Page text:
Long Island vegan bakery under investigation for trying to pass off Dunkin’ donuts as its own

State authorities are investigating a Long Island vegan bakery that went viral for allegedly trying to pass off Dunkin’ donuts as their own gluten-free treats.

CindySnacks, a vegan specialty grocer in Huntington, accused one of its sellers, The Savory Fig, of providing it with non-vegan, allergen-contaminated donuts that it didn’t even cook in a March 4 Instagram post .

The post included a photo of a strawberry-glazed donut covered in tiny purple and orange “Ds” that looked eerily similar to the donut and sprinkles found at Dunkin’ Donuts — which contain dairy and gluten.

“I immediately wondered why this donut was decorated differently than all the others and so strikingly similar to a recognizable chain,” Jonathan Stengel, co-owner of CindySnacks, wrote in the post.

CindySnacks in Huntington accused one of its vendors, The Savory Fig, of supplying it with non-vegan Dunkin’ donuts. News day
The store received a strawberry glazed donut covered in tiny purple and orange “Ds” that looked eerily similar to the donut and sprinkles found at Dunkin’ Donuts — which contain dairy and gluten. cindysnacks/Instagram

“I immediately removed all delivered items from our shelves and stored them in the back as a precaution until I could confirm what was or was not happening here. »

Stengel shared a text message exchange with Michelle Siriani, owner of The Savory Fig, expressing concern about the donuts.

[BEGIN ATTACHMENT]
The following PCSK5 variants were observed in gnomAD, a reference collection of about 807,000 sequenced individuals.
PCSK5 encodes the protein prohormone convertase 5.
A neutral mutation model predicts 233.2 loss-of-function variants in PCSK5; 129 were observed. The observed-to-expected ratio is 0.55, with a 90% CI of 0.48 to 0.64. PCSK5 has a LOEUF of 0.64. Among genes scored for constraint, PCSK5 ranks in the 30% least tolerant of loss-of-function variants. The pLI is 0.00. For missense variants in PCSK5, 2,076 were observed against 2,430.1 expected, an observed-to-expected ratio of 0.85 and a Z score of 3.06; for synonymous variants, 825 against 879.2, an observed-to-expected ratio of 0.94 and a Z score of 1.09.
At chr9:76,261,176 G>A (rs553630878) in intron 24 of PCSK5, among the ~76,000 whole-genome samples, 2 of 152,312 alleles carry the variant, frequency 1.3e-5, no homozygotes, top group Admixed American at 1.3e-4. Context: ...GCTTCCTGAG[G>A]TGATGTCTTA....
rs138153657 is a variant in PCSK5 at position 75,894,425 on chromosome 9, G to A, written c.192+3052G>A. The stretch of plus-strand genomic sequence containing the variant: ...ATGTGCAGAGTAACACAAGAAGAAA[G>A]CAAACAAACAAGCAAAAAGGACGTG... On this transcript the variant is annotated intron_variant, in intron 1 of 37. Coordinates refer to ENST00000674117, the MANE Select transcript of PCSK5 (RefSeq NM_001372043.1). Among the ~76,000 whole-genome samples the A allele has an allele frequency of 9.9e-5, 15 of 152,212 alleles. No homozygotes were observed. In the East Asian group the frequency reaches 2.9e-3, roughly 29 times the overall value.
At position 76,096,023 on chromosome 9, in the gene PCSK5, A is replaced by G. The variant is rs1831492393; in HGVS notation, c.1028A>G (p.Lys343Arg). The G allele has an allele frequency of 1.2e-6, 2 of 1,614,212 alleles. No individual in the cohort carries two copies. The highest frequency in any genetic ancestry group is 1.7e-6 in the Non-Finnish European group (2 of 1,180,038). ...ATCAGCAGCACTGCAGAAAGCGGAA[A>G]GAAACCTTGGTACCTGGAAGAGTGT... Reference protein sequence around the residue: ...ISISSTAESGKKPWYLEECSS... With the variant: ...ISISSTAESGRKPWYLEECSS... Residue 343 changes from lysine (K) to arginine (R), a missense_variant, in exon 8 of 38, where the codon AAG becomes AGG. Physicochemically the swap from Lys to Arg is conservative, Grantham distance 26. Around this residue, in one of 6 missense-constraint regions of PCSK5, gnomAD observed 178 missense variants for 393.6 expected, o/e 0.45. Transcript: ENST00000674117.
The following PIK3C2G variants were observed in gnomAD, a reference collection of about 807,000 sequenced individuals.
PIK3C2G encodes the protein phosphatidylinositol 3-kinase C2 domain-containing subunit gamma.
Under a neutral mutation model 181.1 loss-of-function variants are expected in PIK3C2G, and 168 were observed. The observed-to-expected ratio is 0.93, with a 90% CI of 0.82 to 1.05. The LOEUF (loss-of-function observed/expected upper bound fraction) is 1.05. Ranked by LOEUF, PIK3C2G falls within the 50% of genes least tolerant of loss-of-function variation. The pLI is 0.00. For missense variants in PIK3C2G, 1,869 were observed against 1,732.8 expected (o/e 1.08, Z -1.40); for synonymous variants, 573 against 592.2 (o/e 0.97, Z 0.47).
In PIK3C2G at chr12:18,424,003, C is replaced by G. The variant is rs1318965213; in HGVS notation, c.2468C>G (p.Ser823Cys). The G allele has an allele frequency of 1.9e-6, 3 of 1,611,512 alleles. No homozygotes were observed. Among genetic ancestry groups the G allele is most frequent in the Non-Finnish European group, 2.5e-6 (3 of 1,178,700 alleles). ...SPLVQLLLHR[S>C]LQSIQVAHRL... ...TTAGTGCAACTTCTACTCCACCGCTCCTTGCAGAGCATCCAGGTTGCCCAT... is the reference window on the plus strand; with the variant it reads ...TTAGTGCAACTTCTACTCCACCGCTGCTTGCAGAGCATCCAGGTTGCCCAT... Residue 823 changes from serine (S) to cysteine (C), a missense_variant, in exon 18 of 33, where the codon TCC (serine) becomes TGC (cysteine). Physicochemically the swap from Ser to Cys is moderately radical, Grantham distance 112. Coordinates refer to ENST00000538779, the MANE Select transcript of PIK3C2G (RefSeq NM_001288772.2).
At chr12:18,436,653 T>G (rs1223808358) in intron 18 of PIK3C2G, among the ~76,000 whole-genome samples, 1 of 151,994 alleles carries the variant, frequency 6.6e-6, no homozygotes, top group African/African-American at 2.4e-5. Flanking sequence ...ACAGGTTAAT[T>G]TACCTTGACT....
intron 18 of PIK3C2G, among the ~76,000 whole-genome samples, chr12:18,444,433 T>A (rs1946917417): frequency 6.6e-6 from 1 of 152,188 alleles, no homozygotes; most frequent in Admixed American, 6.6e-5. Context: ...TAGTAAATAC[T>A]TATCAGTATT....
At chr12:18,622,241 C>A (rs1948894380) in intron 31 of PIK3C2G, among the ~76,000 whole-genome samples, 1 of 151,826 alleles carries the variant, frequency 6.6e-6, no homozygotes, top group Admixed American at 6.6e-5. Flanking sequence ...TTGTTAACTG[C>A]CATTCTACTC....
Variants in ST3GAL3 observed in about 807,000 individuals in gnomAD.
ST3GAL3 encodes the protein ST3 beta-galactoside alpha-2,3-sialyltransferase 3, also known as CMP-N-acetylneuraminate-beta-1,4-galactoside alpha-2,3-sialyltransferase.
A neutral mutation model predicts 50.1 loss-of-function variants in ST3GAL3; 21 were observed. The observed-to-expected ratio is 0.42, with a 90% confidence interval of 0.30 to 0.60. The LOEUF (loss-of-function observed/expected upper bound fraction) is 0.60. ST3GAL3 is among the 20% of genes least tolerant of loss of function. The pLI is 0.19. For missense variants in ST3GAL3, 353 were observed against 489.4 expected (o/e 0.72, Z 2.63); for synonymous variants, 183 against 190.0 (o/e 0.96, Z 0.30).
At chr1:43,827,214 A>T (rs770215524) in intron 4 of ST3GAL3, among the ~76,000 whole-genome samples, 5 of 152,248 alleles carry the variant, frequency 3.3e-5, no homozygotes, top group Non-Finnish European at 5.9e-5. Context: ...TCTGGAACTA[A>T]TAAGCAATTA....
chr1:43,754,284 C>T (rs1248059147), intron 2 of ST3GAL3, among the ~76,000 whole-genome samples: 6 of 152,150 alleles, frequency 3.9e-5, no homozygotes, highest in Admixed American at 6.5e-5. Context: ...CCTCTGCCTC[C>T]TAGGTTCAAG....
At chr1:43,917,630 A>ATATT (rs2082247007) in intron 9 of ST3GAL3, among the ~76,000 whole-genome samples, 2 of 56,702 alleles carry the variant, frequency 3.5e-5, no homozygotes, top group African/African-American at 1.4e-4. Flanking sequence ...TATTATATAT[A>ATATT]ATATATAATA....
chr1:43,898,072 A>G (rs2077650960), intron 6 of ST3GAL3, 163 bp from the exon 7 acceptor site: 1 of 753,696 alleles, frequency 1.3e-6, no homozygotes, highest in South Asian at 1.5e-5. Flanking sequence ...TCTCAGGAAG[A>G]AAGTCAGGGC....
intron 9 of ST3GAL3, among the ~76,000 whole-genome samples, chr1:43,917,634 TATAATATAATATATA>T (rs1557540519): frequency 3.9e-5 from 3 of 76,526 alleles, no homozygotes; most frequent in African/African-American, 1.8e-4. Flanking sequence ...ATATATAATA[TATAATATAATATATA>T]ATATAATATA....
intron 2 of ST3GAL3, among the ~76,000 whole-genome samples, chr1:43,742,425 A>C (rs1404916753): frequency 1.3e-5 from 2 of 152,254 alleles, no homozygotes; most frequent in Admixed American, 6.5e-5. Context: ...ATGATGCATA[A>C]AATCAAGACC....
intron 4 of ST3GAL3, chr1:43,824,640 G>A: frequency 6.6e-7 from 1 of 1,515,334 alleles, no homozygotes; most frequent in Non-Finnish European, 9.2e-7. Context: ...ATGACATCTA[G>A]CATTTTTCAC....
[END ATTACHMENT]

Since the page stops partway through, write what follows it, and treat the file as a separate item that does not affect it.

“If this is Dunkin’ Donuts, the ingredients could kill someone because we have so many people with severe dairy allergies shopping here,” Stengel wrote, adding that he would keep the conversation going private if she confessed.

The store owners weren’t convinced the donuts weren’t from Dunkin. cindysnacks/Instagram

Siriani responded that the donut “definitely wasn’t” from Dunkin’.

Still not convinced, Stengel and his partner Cindy Kay purchased an EZ Gluten Home Test Kit for Baking — which revealed a “highly positive” result for gluten, according to photos shared in the post.

“We immediately severed all personal and professional ties with this person. We are mortified to have provided one of his products to our customers and our own family. We trusted a well-known and highly recommended vegan and gluten-free baker,” Stengel said in the post.

The New York State Department of Agriculture and Markets, which is responsible for food safety inspections, confirmed to Newsday that it has received a number of complaints about The Savory Fig and will investigate the latest incident.

The bakery is registered as a home processing business based in Patchogue.

Home processors are exempt from obtaining food processing and retail food store licenses, according to the ministry. They are, however, required to register with the state and follow its guidelines, including identifying allergens like gluten in their products.

Stengel and her partner Cindy Kay purchased an EZ Gluten Home Baking Test Kit. cindysnacks/Instagram
The test kit returned a “highly positive” result for gluten, according to photos shared in the post. cindysnacks/Instagram

Siriani told NewsDay that CindySnacks’ Instagram post was “fake” and denied that the photographed pastry was hers.

“It wasn’t my donut,” she said.

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